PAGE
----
A drilling rig and a pump jack sitting on federal land in Lea County, New Mexico.
A key part of the Biden administration’s effort to slow greenhouse gas emissions from energy production has been overturned, but it may not do much for the oil industry.
The administration announced on Monday that it would resume leasing oil and gas rights on federal land, after a judge ruled that it would have to start them back up again.
It’s a victory for the industry, but one that may not have much practical impact in the near term. In fact, stocks of companies that depend on federal leases have mostly been down since Monday, a sign that investors remain unconvinced that this will be a boon to the industry.
Halting leases on federal land was one of President Biden’s most controversial energy proposals during the election. Opponents said it would destroy jobs in the industry, and investors started to avoid some oil producers as the election neared. In the lag before the election, however, oil companies stocked up on leases — enough to carry them for several years. So when Biden ordered a moratorium on new federal leases shortly after taking office, some companies had enough to potentially make it four years without having to buy another lease. In addition, there has been a nationwide slowdown in oil and gas production, because companies have been conserving cash to return more of it to shareholders and pay off debt. So even if more land was available, there is unlikely to be a land rush now.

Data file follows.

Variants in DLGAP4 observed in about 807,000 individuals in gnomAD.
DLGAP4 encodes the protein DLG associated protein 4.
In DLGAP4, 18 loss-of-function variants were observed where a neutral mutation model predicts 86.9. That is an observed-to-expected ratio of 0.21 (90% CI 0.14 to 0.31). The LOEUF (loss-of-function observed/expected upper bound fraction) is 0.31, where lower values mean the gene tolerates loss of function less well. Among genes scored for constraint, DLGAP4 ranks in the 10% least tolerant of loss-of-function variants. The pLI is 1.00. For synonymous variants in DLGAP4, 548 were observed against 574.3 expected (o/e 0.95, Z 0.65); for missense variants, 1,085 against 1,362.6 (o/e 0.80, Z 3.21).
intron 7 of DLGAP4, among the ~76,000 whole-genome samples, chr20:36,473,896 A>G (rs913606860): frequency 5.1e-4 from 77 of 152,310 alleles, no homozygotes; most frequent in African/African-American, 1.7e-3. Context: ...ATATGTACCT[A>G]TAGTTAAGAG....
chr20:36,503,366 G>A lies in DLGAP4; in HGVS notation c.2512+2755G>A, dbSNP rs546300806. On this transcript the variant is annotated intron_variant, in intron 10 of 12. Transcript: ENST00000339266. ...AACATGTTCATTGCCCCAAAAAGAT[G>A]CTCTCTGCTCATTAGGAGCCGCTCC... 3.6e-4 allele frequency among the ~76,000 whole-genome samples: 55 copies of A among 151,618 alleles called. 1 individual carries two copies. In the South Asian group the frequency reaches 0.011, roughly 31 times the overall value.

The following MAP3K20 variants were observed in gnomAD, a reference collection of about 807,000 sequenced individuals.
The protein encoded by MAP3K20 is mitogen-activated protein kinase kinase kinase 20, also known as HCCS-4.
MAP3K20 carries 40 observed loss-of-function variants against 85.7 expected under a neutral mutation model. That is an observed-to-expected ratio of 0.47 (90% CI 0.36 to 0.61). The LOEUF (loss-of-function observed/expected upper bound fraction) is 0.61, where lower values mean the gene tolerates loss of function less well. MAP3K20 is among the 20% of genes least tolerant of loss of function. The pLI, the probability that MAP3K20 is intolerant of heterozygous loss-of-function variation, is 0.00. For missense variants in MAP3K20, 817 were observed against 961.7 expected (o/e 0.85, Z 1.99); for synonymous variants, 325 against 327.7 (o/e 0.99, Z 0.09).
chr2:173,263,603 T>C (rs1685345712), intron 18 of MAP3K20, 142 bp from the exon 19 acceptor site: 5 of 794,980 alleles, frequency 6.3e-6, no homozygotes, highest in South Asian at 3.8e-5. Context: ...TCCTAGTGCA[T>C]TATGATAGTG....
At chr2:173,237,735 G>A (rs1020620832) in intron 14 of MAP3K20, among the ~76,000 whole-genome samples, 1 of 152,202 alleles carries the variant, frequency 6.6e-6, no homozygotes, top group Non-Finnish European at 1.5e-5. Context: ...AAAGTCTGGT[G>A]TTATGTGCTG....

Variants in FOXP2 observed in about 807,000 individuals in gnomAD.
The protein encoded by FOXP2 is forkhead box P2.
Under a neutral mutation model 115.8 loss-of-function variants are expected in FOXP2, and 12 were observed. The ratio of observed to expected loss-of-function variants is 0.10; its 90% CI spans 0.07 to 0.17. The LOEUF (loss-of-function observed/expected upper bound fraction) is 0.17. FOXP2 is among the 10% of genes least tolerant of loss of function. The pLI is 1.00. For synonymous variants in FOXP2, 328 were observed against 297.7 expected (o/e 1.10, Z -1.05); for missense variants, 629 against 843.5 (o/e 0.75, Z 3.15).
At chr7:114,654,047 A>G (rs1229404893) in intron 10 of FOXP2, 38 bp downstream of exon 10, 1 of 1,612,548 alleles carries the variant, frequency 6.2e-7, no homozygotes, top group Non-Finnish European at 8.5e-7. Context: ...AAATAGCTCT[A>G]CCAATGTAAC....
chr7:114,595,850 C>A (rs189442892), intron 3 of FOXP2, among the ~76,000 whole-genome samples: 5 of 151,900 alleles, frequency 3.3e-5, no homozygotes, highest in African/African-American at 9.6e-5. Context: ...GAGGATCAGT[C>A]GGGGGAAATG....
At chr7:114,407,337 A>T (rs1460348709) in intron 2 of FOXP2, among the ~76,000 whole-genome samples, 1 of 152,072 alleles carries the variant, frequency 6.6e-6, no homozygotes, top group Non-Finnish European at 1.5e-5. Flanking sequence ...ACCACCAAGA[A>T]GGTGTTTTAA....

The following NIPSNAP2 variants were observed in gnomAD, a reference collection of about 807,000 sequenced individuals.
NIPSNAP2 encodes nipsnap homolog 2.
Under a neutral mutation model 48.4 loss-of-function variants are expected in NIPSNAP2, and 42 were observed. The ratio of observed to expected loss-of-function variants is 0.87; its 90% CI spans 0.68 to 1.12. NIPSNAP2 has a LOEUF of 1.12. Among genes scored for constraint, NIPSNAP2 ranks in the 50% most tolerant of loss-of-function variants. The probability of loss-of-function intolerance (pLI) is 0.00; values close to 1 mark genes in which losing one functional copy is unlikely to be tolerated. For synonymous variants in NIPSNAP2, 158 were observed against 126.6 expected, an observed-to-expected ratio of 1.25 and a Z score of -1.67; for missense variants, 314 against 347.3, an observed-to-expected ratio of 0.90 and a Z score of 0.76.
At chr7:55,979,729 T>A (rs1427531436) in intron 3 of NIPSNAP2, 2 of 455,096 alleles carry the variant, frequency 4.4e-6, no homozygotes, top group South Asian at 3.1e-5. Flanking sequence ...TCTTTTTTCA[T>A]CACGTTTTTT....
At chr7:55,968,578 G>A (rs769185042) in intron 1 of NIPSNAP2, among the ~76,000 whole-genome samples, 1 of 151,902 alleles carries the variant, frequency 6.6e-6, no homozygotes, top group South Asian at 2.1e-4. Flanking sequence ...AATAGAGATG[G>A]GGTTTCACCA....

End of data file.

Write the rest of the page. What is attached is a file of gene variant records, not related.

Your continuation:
Biden will now appeal the judge’s decision and in the meantime resume the leases. But some industry advocates are skeptical about the government’s plans. Twelve industry trade groups, including the American Petroleum Institute (API), sued the Department of the Interior in federal court in Louisiana over the “indefinite pause” on leasing. API said that the department’s policy “continues to create uncertainty for U.S. natural gas and oil producers.”
API noted that the department hasn’t yet released a timeline or details about when the lease sales will start again and how they will operate.
Asked by Barron’s for those details, the department declined to comment. The department also pointed out in its release about resuming lease sales that the leasing program has historically been criticized for failing to take into account climate change, impact on Native American lands, and other issues. While leases might be resuming, the department wants to address some of those problems. It plans to “conduct leasing in a manner that takes into account the program’s many deficiencies,” the release said. For oil companies, that language implies that federal leasing could be more onerous than it has sometimes been in the past.
The stocks with the most on the line include EOG Resources (ticker: EOG), Murphy Oil (MUR), and Devon Energy (DVN), all of which have historically leased substantial amounts of federal land or water for production. EOG and Devon stocks have been falling for both of the past two days. Murphy fell on Monday, but was up 1.3% on Tuesday.